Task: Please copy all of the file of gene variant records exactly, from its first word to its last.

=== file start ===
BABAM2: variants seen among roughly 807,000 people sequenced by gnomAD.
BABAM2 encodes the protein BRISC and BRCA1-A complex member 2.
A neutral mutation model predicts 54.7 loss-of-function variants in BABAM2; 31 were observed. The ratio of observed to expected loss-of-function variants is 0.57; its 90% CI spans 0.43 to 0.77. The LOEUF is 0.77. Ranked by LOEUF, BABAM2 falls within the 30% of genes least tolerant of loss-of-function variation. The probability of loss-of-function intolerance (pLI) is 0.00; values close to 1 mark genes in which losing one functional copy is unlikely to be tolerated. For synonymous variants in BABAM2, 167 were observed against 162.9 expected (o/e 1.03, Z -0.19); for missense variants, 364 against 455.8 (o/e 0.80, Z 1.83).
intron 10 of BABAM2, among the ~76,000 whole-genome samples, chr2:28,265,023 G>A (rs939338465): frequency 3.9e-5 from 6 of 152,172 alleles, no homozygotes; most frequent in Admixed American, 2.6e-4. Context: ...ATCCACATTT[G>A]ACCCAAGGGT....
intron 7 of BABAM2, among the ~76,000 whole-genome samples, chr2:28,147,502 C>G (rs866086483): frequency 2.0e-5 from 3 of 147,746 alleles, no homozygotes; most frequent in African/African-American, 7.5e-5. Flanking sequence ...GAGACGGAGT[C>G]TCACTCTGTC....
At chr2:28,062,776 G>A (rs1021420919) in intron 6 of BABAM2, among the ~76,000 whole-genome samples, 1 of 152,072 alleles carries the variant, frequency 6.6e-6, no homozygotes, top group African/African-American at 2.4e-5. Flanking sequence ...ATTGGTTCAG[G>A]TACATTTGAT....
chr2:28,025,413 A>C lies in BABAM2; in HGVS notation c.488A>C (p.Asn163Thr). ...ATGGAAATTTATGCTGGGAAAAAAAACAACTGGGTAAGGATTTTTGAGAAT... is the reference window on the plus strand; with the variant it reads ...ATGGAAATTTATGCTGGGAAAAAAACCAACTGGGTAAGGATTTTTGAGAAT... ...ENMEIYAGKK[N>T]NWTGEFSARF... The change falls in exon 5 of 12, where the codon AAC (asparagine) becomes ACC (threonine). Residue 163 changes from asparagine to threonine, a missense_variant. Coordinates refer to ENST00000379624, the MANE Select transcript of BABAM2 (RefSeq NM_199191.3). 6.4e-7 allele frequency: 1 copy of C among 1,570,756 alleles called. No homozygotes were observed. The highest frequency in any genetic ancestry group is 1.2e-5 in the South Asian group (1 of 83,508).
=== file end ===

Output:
BABAM2: variants seen among roughly 807,000 people sequenced by gnomAD.
BABAM2 encodes the protein BRISC and BRCA1-A complex member 2.
A neutral mutation model predicts 54.7 loss-of-function variants in BABAM2; 31 were observed. The ratio of observed to expected loss-of-function variants is 0.57; its 90% CI spans 0.43 to 0.77. The LOEUF is 0.77. Ranked by LOEUF, BABAM2 falls within the 30% of genes least tolerant of loss-of-function variation. The probability of loss-of-function intolerance (pLI) is 0.00; values close to 1 mark genes in which losing one functional copy is unlikely to be tolerated. For synonymous variants in BABAM2, 167 were observed against 162.9 expected (o/e 1.03, Z -0.19); for missense variants, 364 against 455.8 (o/e 0.80, Z 1.83).
intron 10 of BABAM2, among the ~76,000 whole-genome samples, chr2:28,265,023 G>A (rs939338465): frequency 3.9e-5 from 6 of 152,172 alleles, no homozygotes; most frequent in Admixed American, 2.6e-4. Context: ...ATCCACATTT[G>A]ACCCAAGGGT....
intron 7 of BABAM2, among the ~76,000 whole-genome samples, chr2:28,147,502 C>G (rs866086483): frequency 2.0e-5 from 3 of 147,746 alleles, no homozygotes; most frequent in African/African-American, 7.5e-5. Flanking sequence ...GAGACGGAGT[C>G]TCACTCTGTC....
At chr2:28,062,776 G>A (rs1021420919) in intron 6 of BABAM2, among the ~76,000 whole-genome samples, 1 of 152,072 alleles carries the variant, frequency 6.6e-6, no homozygotes, top group African/African-American at 2.4e-5. Flanking sequence ...ATTGGTTCAG[G>A]TACATTTGAT....
chr2:28,025,413 A>C lies in BABAM2; in HGVS notation c.488A>C (p.Asn163Thr). ...ATGGAAATTTATGCTGGGAAAAAAAACAACTGGGTAAGGATTTTTGAGAAT... is the reference window on the plus strand; with the variant it reads ...ATGGAAATTTATGCTGGGAAAAAAACCAACTGGGTAAGGATTTTTGAGAAT... ...ENMEIYAGKK[N>T]NWTGEFSARF... The change falls in exon 5 of 12, where the codon AAC (asparagine) becomes ACC (threonine). Residue 163 changes from asparagine to threonine, a missense_variant. Coordinates refer to ENST00000379624, the MANE Select transcript of BABAM2 (RefSeq NM_199191.3). 6.4e-7 allele frequency: 1 copy of C among 1,570,756 alleles called. No homozygotes were observed. The highest frequency in any genetic ancestry group is 1.2e-5 in the South Asian group (1 of 83,508).